“Yeah,” he said when asked if 60 was out there. “Maybe after 14 holes.”

Cabreras take 1-shot lead in Father/Son

By Associated PressDecember 16, 2017, 11:23 pm

ORLANDO, Fla. - Two-time major champion Angel Cabrera and Angel Cabrera Jr. birdied their last three holes for a 13-under 59 to take a one-shot lead Saturday in the PNC Father-Son Challenge.

Cabrera, a Masters and U.S. Open champion, is making his debut in this popular 36-hole scramble. His son said he practiced hard for 10 days. What helped put him at ease was watching his father make so many putts.

''We combined very well,'' Cabrera said. ''When I hit a bad shot, he hit a good one. That's the key.''

They had a one-shot lead over Mark O'Meara and Shaun O'Meara, who are playing for the first time. That included a birdie on the last hole, which O'Meara attributed to the strength of his son.

''My little man hit it 58 yards by me on the 18th,'' said O'Meara, the Masters and British Open champion in 1998. ''It's a little easier coming in with a 6-iron.''

Defending champions David Duval and Nick Karavites rallied over the back nine at the Ritz-Carlton Golf Club for a 61. They are trying to become the first father-son team to repeat as winners since Bernhard and Stefan Langer in 2006. Larry Nelson won two years in a row in 2007 and 2008, but with different sons.

''I'd imagine we have to break 60 tomorrow to have a chance to win, but hey, stranger things have happened,'' Duval said. ''I've even done it myself.''

Duval shot 59 at the Bob Hope Classic to win in 1999 on his way to reaching No. 1 in the world that year.

Duval and his stepson were tied with Bernhard Langer and 17-year-old Jason Langer, who made two eagles on the last five holes. This Langer tandem won in 2014.

Jack Nicklaus, playing with grandson G.T., opened with a 68.

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Woods' 2018 schedule coming into focus ... or is it?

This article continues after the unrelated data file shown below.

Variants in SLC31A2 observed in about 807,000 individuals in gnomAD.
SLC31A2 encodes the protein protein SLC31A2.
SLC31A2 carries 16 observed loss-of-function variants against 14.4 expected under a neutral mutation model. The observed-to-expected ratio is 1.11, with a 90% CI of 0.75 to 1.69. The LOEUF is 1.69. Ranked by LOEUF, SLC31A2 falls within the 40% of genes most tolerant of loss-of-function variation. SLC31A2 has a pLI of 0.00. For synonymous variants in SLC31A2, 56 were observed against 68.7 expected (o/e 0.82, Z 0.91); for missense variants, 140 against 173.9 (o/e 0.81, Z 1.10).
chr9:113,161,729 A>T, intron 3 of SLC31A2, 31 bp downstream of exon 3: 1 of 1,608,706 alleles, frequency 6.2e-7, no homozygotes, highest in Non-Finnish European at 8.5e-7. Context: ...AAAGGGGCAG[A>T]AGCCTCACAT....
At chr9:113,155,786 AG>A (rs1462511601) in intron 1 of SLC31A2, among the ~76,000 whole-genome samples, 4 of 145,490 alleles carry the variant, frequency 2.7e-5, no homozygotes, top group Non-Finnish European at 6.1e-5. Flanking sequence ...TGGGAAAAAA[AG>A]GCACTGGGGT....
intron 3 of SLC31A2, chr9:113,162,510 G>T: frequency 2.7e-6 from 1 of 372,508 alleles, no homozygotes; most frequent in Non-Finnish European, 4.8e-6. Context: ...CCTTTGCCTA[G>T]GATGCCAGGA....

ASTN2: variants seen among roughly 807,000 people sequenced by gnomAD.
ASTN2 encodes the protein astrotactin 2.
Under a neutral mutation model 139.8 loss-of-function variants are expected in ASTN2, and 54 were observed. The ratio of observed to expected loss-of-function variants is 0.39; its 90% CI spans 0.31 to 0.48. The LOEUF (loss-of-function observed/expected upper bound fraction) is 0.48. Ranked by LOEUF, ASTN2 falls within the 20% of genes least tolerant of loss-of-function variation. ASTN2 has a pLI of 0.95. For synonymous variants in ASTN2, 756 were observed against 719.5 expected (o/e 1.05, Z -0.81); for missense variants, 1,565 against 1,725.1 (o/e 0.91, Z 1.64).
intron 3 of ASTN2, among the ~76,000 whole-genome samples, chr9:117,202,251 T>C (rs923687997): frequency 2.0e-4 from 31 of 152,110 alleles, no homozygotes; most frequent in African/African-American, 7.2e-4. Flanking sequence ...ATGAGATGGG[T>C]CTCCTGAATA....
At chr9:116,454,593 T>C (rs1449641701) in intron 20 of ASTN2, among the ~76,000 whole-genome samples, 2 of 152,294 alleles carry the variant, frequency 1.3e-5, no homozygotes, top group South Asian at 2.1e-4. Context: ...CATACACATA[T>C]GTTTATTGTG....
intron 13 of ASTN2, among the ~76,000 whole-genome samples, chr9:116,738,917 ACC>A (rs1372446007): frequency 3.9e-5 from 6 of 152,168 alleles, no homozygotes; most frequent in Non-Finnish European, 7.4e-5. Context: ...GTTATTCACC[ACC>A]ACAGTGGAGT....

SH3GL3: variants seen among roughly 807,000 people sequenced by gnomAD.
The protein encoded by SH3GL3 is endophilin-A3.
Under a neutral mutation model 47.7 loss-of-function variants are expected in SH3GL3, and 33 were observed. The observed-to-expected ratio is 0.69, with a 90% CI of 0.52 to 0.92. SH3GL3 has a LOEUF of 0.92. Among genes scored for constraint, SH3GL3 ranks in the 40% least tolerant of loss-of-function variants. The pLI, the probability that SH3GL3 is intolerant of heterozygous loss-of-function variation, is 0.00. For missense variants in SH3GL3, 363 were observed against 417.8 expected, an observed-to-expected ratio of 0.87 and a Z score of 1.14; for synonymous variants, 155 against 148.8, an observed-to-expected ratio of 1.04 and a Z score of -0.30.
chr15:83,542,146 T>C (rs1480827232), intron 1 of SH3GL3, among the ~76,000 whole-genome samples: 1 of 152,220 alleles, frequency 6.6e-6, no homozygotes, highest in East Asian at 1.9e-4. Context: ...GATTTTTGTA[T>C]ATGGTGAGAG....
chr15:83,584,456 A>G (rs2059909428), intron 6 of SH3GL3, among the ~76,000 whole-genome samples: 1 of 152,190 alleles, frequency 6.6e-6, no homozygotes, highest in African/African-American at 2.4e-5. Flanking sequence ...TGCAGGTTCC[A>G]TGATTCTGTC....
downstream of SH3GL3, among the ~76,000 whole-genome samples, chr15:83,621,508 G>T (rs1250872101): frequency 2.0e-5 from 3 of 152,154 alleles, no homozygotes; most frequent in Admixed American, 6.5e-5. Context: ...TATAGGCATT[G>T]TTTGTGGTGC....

By Golf Channel DigitalDecember 16, 2017, 5:46 pm

Two weeks after his successful return to competition at the Hero World Challenge, Tiger Woods’ 2018 schedule may be coming into focus.

Golfweek reported on Saturday that Woods hopes to play the Genesis Open in February according to an unidentified source with “direct knowledge of the situation.”

Woods’ agent Mark Steinberg declined to confirm the 14-time major champion would play the event and told GolfChannel.com that Woods – who underwent fusion surgery to his lower back in April – is still formulating his ’18 schedule.

Woods’ foundation is the host organization for the Genesis Open and the event supports the Tiger Woods Learning Center in Anaheim, Calif.

The Genesis Open would be Woods’ first start on the PGA Tour since he missed the cut last January at the Farmers Insurance Open.

Rose weathering delayed Indonesian Masters

By Associated PressDecember 16, 2017, 3:52 pm

JAKARTA, Indonesia - Justin Rose held a three-stroke lead after eight holes of the third round Saturday when play was suspended for the day due to bad weather at the Indonesian Masters.

Rose was 3-under on the day and led his playing partners Kiradech Aphibarnrat and Scott Vincent. The Englishman led both players by a stroke after the second round was completed Saturday morning due to weather delays on Friday.

Brandt Snedeker withdrew with apparent heat exhaustion on Friday on the 11th hole of the second round. Ranked 51st in the world, he flew to Jakarta looking to move inside the top 50 by the end of the year and ensure a spot in next year's Masters.

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Lexi (wrist) WDs from Diamond Resorts Invitational

By Golf Channel DigitalDecember 15, 2017, 11:27 pm

Lexi Thompson on Friday withdrew from the Diamond Resorts Invitational, citing inflammation in her wrist. Thompson, who teamed with Tony Finau to finish tied for fourth place in last week's QBE Shootout, said she is under strict doctor's order not to hit golf balls until mid-January.

The Diamond Resorts Invitational is scheduled Jan. 12-14 at Tranquilo Golf Club in Orlando, Fla. The field for te 54-hole event includes LPGA and PGA Tour Champions players, as well as celebrities from the worlds or sports and entertainment.